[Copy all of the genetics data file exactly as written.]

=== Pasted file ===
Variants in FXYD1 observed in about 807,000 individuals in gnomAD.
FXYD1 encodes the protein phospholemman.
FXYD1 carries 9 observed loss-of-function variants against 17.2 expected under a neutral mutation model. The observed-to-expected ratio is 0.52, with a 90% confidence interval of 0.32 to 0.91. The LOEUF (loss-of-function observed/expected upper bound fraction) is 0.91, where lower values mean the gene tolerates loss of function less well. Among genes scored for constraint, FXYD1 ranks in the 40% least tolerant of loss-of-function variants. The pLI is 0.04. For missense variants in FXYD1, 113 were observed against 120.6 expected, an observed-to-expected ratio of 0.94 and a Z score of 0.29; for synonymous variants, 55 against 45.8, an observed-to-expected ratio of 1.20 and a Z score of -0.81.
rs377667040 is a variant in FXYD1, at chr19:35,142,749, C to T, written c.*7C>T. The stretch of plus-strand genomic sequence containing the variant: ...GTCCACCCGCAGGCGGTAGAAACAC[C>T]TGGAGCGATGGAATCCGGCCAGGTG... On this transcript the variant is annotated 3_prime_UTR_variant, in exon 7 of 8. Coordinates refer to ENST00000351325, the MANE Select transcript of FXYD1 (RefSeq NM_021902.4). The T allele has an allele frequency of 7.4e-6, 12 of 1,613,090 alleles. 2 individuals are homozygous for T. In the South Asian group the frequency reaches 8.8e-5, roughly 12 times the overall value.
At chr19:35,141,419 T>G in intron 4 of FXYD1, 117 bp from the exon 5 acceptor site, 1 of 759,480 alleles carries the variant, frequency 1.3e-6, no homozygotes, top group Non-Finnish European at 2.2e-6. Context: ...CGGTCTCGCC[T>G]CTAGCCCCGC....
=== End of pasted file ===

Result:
Variants in FXYD1 observed in about 807,000 individuals in gnomAD.
FXYD1 encodes the protein phospholemman.
FXYD1 carries 9 observed loss-of-function variants against 17.2 expected under a neutral mutation model. The observed-to-expected ratio is 0.52, with a 90% confidence interval of 0.32 to 0.91. The LOEUF (loss-of-function observed/expected upper bound fraction) is 0.91, where lower values mean the gene tolerates loss of function less well. Among genes scored for constraint, FXYD1 ranks in the 40% least tolerant of loss-of-function variants. The pLI is 0.04. For missense variants in FXYD1, 113 were observed against 120.6 expected, an observed-to-expected ratio of 0.94 and a Z score of 0.29; for synonymous variants, 55 against 45.8, an observed-to-expected ratio of 1.20 and a Z score of -0.81.
rs377667040 is a variant in FXYD1, at chr19:35,142,749, C to T, written c.*7C>T. The stretch of plus-strand genomic sequence containing the variant: ...GTCCACCCGCAGGCGGTAGAAACAC[C>T]TGGAGCGATGGAATCCGGCCAGGTG... On this transcript the variant is annotated 3_prime_UTR_variant, in exon 7 of 8. Coordinates refer to ENST00000351325, the MANE Select transcript of FXYD1 (RefSeq NM_021902.4). The T allele has an allele frequency of 7.4e-6, 12 of 1,613,090 alleles. 2 individuals are homozygous for T. In the South Asian group the frequency reaches 8.8e-5, roughly 12 times the overall value.
At chr19:35,141,419 T>G in intron 4 of FXYD1, 117 bp from the exon 5 acceptor site, 1 of 759,480 alleles carries the variant, frequency 1.3e-6, no homozygotes, top group Non-Finnish European at 2.2e-6. Context: ...CGGTCTCGCC[T>G]CTAGCCCCGC....